The plan to find that out is: compute an ephemeris (we are lazy and use an external service, Miriade ephemcc) and then for each day see whether there are DASCH observations in the vicinity of the sky location obtained in this way.

    As usual, it's never that easy because the call to the ephemeris webservice (paste the link into TOPCAT to have a look) returns cursed sexagesimal coordinates. We need to fix them before doing anything serious with the table, and while we are at it, we also repair the date, which is simpler to consume if it is MJD to begin with. Getting the ephemeris thus takes quite a few lines:

    from astropy import table
    from astropy import units as u
    from astropy.coordinates import SkyCoord
    from astropy.time import Time
    ephem =
    parsed = SkyCoord(ephem["ra"], ephem["dec"], unit=(u.hourangle, u.deg))
    ephem["ra"] =
    ephem["dec"] =
    parsed = Time(ephem["epoch"])
    ephem["epoch"] = parsed.mjd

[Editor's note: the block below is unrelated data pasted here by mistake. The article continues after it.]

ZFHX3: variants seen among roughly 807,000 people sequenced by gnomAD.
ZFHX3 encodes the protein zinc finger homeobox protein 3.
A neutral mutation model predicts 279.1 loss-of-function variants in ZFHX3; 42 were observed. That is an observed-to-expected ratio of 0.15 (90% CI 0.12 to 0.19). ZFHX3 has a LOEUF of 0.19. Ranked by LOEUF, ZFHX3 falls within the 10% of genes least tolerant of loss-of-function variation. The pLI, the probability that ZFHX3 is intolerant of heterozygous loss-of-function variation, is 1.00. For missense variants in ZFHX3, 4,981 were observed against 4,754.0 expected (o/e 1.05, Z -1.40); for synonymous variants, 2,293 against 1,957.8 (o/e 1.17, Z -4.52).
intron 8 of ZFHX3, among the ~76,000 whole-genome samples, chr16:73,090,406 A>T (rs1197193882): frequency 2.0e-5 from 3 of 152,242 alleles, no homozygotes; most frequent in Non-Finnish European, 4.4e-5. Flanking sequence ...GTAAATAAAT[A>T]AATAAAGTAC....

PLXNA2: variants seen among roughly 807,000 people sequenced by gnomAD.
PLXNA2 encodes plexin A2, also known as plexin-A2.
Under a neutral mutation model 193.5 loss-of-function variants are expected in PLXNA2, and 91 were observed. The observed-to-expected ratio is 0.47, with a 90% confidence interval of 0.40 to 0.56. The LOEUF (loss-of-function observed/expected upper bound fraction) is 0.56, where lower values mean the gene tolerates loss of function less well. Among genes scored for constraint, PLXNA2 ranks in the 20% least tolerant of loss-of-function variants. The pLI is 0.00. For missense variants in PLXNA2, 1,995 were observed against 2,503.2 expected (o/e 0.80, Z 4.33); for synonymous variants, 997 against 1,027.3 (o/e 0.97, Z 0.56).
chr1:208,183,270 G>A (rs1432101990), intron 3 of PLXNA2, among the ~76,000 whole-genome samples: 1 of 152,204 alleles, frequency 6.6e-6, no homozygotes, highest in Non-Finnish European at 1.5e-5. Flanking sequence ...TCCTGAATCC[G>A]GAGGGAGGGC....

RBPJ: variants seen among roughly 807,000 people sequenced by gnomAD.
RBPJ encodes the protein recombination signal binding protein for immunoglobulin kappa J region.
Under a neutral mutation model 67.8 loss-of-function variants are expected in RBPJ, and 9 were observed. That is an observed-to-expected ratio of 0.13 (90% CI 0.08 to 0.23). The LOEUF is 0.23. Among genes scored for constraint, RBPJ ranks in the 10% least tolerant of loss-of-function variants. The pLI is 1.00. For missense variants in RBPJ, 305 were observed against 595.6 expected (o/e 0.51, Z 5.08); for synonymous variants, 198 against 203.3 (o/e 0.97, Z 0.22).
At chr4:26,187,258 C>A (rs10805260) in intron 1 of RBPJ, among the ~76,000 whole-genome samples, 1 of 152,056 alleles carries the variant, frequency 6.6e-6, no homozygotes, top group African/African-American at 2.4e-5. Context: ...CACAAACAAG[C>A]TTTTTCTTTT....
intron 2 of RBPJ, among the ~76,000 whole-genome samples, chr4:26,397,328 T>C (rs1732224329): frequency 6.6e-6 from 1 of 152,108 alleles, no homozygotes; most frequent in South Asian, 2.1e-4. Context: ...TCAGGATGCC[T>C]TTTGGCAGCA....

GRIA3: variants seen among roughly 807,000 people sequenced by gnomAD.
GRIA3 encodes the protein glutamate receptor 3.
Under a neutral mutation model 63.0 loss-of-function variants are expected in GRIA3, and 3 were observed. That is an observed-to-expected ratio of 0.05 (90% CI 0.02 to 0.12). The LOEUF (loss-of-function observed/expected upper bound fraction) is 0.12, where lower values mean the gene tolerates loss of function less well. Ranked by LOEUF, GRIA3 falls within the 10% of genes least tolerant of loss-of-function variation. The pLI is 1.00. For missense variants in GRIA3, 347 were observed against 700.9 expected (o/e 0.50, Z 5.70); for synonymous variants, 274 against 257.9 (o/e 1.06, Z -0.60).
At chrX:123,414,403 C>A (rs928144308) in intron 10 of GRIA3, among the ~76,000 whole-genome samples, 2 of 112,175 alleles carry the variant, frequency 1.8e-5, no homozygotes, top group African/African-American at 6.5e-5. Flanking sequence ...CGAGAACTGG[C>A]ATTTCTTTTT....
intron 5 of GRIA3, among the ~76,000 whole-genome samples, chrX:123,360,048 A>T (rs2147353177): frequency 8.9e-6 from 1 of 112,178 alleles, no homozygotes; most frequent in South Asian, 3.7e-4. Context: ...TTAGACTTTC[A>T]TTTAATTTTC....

Compared to that, the actual matching against DASCH is almost trivial if you are somewhat familiar with crossmatching in ADQL and the Obscore schema:

    svc = pyvo.dal.TAPService("")
    res = svc.run_sync("""
        SELECT *
            JOIN tap_upload.orbit
            ON (1=CONTAINS(POINT(ra, dec), s_region))
            AND t_max>epoch""",
        uploads={"orbit": ephem})

    Followup (2024-05-03)

    You would probably query the dasch.narrow_plates table in actual operations; querying dasch.plates is probably more for people interested in the history of astronomy or DASCH itself.